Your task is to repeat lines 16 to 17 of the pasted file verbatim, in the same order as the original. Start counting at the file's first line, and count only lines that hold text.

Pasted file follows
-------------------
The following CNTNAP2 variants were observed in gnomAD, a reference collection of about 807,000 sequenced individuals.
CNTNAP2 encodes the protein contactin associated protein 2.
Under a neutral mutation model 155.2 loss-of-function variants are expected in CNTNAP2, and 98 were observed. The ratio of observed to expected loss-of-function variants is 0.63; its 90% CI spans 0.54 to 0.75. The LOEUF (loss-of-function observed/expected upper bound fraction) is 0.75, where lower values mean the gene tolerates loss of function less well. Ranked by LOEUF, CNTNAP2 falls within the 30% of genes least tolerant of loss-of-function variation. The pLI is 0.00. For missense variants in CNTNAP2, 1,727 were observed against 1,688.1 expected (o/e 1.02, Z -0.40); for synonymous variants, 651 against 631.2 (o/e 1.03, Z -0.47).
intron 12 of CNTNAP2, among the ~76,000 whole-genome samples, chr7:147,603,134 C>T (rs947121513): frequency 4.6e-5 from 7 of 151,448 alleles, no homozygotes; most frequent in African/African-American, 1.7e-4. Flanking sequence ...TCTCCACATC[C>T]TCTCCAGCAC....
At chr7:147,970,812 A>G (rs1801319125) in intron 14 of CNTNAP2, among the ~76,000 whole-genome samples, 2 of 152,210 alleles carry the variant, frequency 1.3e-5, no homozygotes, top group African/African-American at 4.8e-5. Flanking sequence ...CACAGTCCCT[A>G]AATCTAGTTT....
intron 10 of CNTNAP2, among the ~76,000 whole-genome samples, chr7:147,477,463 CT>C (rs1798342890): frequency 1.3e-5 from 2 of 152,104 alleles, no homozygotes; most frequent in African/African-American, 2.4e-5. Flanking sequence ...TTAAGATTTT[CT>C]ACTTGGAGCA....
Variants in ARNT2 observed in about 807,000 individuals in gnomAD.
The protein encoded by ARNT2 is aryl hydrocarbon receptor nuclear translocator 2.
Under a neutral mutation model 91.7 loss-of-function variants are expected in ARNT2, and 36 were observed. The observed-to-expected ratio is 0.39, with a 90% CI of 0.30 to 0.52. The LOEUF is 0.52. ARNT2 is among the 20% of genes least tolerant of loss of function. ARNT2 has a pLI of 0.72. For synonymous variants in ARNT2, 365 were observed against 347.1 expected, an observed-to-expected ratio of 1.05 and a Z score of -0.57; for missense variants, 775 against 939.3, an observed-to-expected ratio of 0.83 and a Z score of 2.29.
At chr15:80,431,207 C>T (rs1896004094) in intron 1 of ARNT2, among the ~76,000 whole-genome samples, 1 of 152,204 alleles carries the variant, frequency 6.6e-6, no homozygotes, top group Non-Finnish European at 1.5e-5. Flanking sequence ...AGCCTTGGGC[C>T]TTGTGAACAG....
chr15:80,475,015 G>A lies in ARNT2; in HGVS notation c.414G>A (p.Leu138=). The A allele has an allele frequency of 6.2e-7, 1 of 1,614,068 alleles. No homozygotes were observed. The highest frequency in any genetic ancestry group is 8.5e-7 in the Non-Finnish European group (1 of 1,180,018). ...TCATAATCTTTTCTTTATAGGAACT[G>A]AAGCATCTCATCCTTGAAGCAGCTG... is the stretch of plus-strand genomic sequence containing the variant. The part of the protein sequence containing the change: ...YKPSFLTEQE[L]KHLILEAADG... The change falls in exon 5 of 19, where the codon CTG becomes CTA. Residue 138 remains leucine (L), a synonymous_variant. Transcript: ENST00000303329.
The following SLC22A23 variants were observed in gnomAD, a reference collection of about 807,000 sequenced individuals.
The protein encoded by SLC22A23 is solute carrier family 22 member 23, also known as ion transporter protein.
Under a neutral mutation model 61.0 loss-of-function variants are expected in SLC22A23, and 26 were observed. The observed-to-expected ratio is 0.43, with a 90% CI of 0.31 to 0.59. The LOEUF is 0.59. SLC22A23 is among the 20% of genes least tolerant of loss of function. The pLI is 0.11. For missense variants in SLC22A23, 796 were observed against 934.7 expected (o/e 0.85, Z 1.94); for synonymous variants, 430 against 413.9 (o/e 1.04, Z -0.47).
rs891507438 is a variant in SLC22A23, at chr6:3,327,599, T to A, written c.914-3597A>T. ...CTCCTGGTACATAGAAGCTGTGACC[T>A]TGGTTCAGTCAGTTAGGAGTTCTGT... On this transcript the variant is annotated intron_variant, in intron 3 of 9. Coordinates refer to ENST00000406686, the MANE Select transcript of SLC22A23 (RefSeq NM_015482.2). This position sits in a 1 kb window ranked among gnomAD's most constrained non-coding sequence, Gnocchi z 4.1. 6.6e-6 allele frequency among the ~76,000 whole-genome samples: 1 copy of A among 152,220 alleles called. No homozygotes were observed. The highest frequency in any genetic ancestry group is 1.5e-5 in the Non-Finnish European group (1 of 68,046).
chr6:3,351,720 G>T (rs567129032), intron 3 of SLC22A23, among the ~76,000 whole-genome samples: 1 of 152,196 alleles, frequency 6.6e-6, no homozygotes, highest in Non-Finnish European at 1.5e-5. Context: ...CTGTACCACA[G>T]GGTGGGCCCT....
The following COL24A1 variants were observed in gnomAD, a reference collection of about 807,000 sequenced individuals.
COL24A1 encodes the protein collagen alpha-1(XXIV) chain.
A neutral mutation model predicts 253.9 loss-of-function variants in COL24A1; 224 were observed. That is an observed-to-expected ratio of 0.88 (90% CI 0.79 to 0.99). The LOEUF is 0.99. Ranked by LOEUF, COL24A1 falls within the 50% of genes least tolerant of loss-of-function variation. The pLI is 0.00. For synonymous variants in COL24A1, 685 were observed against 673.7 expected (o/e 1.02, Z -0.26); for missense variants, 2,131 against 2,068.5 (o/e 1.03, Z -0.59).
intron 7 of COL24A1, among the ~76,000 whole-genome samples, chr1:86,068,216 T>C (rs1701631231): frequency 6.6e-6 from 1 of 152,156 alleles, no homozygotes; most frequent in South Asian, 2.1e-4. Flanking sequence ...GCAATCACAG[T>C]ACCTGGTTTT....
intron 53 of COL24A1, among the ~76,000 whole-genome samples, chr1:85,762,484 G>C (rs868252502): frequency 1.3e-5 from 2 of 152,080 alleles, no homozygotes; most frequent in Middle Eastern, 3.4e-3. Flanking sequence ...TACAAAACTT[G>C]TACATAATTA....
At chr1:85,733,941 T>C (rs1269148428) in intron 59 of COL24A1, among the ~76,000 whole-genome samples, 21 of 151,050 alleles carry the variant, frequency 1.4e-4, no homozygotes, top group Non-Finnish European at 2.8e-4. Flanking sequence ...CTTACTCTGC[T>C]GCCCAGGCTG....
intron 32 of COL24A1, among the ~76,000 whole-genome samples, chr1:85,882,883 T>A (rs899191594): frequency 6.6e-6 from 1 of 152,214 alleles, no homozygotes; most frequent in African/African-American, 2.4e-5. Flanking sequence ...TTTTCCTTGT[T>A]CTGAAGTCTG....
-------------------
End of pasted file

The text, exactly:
chr6:3,351,720 G>T (rs567129032), intron 3 of SLC22A23, among the ~76,000 whole-genome samples: 1 of 152,196 alleles, frequency 6.6e-6, no homozygotes, highest in Non-Finnish European at 1.5e-5. Context: ...CTGTACCACA[G>T]GGTGGGCCCT....
The following COL24A1 variants were observed in gnomAD, a reference collection of about 807,000 sequenced individuals.